Results of the largest real-world study of third dose of COVID-19 vaccine effectiveness released
[Oct 30, 2021: CLALIT RESEARCH INSTITUTE]
A quiet research revolution has occurred in our understanding of the biology of ageing. (CREDIT: Creative Commons)
Many countries are currently experiencing a resurgence of SARS-CoV-2 infections despite hitherto successful vaccination campaigns. This may be due to the greater infectiousness of the delta (B.1.617.2) variant of SARS-CoV-2, and to waning immunity of vaccines administered months earlier. In the face of the current resurgence, several countries are planning to administer a third booster dose of mRNA COVID-19 vaccine.
This study suggests that a third vaccine dose is effective in reducing severe COVID-19-related outcomes compared to individuals who have received two vaccine doses at least 5 months ago. It is the first to estimate the effectiveness of a third dose of an mRNA COVID-19 vaccine—BNT162b2 specifically—against severe outcomes with adjustment for various possible confounders, including comorbidities and behavioral factors. The study’s large size also allows a more precise assessment of the vaccine’s effectiveness across different time periods, different subpopulations (by sex, age and number of comorbidities), and different severe outcomes (which are rarer and thus require greater sample size). A recent clinical trial conducted by BioNTech included a smaller sample size and did not estimate the third-dose’s effects for more severe outcomes.
The study took place from July 30, 2021 through Sept 23, 2021, coinciding with Israel’s fourth wave of coronavirus infection and illness, during which the Delta (B.1.617.2) variant was the dominant strain in the country for new infections (with very few exceptions).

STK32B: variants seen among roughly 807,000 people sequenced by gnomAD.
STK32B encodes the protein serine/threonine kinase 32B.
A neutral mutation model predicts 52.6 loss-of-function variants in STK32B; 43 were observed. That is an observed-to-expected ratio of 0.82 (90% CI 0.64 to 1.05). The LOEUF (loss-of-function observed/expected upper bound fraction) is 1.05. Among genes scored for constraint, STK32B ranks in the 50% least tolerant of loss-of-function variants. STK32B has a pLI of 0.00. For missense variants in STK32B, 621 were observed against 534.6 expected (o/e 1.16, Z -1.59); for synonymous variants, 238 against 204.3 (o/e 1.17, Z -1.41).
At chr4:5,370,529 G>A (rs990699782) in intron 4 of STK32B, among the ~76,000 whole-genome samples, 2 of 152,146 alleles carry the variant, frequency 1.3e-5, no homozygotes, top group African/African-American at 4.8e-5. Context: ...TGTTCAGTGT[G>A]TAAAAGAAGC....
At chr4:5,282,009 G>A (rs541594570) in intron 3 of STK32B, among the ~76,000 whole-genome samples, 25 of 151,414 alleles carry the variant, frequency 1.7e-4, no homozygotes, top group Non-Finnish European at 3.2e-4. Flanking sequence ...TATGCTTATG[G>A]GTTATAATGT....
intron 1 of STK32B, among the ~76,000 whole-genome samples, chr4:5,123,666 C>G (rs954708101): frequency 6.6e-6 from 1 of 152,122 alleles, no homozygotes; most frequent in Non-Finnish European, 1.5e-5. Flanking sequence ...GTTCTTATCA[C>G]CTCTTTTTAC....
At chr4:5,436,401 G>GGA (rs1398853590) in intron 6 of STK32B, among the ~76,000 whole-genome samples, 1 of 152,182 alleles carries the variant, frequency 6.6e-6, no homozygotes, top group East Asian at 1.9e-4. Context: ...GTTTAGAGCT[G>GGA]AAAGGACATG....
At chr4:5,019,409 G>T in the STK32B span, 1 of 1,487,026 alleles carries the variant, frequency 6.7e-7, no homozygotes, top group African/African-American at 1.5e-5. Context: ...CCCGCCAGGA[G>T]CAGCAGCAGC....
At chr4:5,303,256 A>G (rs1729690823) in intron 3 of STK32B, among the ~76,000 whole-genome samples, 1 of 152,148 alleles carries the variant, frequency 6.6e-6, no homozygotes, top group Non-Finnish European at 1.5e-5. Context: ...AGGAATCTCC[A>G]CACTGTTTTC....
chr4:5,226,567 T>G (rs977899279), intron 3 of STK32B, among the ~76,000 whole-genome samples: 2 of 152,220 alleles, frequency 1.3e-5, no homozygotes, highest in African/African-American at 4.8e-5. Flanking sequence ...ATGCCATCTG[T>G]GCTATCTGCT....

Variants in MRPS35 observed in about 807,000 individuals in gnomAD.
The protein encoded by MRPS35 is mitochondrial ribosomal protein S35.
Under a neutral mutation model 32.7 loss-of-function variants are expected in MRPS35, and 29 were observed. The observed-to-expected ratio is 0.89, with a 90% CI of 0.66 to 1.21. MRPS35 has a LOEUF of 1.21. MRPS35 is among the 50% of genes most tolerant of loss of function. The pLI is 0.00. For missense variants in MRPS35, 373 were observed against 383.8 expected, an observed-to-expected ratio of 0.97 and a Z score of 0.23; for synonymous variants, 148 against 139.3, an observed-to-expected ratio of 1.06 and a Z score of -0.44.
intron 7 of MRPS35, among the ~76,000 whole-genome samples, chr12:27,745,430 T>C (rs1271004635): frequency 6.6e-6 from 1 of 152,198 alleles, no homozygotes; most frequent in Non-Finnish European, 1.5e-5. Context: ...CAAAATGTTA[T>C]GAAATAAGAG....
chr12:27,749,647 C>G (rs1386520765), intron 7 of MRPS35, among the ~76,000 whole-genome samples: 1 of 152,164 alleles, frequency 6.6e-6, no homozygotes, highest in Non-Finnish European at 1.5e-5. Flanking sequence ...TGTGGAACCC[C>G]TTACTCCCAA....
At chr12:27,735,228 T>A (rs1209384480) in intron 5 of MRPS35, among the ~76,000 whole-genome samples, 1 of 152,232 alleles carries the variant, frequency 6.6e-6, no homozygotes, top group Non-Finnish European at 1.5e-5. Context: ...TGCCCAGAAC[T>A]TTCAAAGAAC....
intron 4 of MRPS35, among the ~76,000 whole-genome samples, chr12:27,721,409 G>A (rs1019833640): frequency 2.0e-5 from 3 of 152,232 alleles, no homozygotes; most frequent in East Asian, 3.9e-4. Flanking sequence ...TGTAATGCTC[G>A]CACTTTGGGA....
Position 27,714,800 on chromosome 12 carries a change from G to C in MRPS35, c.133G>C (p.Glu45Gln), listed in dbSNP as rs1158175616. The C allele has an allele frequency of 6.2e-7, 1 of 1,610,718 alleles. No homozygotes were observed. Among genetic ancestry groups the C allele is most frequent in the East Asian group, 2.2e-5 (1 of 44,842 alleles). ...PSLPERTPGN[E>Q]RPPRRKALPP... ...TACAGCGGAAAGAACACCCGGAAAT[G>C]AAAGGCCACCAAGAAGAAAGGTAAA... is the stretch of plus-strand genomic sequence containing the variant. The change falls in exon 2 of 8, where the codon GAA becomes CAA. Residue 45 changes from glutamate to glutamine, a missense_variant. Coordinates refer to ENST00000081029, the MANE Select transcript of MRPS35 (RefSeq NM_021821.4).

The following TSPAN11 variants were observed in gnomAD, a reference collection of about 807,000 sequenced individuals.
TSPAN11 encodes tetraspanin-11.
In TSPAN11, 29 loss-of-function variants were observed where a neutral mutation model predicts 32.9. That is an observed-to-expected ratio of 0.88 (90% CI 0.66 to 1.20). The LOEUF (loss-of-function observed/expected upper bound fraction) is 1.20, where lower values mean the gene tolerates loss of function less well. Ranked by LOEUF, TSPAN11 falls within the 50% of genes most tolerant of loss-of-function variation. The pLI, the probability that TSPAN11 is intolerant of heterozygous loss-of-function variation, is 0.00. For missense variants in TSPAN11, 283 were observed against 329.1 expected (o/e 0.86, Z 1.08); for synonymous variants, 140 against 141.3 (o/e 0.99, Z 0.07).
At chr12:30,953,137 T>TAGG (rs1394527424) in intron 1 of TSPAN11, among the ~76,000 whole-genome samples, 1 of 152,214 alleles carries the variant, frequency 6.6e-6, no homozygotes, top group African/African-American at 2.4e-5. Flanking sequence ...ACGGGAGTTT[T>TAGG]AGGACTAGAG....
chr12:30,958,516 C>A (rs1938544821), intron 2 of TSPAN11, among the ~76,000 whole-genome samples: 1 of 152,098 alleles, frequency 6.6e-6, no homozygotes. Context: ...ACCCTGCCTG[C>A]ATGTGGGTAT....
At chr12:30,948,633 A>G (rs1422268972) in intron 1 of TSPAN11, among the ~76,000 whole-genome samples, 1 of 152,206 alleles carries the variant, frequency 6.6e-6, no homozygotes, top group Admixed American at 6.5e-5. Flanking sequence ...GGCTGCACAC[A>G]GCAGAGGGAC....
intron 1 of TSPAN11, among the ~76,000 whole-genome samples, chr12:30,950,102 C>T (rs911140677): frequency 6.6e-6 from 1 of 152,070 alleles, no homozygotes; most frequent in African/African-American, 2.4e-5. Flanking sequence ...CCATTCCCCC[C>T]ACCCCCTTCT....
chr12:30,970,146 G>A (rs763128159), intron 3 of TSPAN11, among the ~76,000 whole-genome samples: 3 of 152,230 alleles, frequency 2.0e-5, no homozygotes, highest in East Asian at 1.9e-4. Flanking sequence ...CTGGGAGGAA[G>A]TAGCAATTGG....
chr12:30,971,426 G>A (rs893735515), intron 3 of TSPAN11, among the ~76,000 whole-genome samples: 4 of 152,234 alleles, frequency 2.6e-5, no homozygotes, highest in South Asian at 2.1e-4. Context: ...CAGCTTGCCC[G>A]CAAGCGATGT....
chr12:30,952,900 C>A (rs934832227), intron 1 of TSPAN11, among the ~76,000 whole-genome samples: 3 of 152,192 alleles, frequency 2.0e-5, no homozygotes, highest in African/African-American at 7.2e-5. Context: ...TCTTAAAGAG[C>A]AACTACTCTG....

Researchers reviewed data from 728,321 individuals aged 12 or above who had received the third dose of the BNT162b2 vaccine. These individuals were carefully matched 1:1 with 728,321 individuals who had received only two shots of the BNT162b2 vaccine at least five months prior. The matching was based on an extensive set of demographic, geographic and health-related attributes associated with risk of infection, risk of severe disease, health status and health seeking behavior. Individuals were assigned to each group dynamically based on their changing vaccination status (198,476 individuals moved from the unvaccinated cohort into the vaccinated cohort during the study). Multiple analyses were conducted to ensure that the estimated vaccine effectiveness was robust to potential biases. The study included a total of over 12,000,000 person-days of follow-up.
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The results show that, compared with individuals who received only two doses five months prior, individuals who received three doses of the vaccine (7 days or more after the third dose) had 93% lower risk of COVID-19-related hospitalization, 92% lower risk of severe COVID-19 disease, and 81% lower risk of COVID-19-related death. Vaccine effectiveness was found to be similar for different sexes, age groups (ages 40-69 and 70+) and number of comorbidities.
The study also included a population-level analysis which found that infection rates began to drop for each age group 7-10 days after that age group became eligible for the third dose.
The research was conducted by Dr. Noam Barda, Dr. Noa Dagan, Prof. Cyrille Cohen, and Prof. Ran Balicer from the Clalit Research Institute, as well as Prof. Miguel Hernán and Prof. Marc Lipsitch of the Harvard T.H. Chan School of Public Health, Professor Isaac S. Kohane of Harvard Medical School, and Prof. Ben Reis of Boston Children’s Hospital and Harvard Medical School.